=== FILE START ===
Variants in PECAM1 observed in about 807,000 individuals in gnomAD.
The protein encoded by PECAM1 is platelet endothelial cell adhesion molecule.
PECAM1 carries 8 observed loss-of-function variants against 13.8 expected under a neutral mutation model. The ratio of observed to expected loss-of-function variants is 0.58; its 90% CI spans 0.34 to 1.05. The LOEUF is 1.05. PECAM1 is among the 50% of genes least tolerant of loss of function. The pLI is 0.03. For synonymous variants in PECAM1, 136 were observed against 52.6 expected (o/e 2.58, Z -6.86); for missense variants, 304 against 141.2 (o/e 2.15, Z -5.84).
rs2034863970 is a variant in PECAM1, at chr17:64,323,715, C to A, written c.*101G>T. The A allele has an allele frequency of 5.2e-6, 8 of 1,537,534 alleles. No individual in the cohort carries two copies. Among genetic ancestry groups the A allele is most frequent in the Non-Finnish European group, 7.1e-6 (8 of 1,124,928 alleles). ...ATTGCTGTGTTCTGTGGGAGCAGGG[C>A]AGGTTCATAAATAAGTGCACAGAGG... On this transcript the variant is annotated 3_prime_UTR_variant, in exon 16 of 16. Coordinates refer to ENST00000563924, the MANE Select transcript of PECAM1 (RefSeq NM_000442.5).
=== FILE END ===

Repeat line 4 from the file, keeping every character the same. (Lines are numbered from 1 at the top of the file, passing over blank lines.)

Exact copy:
rs2034863970 is a variant in PECAM1, at chr17:64,323,715, C to A, written c.*101G>T. The A allele has an allele frequency of 5.2e-6, 8 of 1,537,534 alleles. No individual in the cohort carries two copies. Among genetic ancestry groups the A allele is most frequent in the Non-Finnish European group, 7.1e-6 (8 of 1,124,928 alleles). ...ATTGCTGTGTTCTGTGGGAGCAGGG[C>A]AGGTTCATAAATAAGTGCACAGAGG... On this transcript the variant is annotated 3_prime_UTR_variant, in exon 16 of 16. Coordinates refer to ENST00000563924, the MANE Select transcript of PECAM1 (RefSeq NM_000442.5).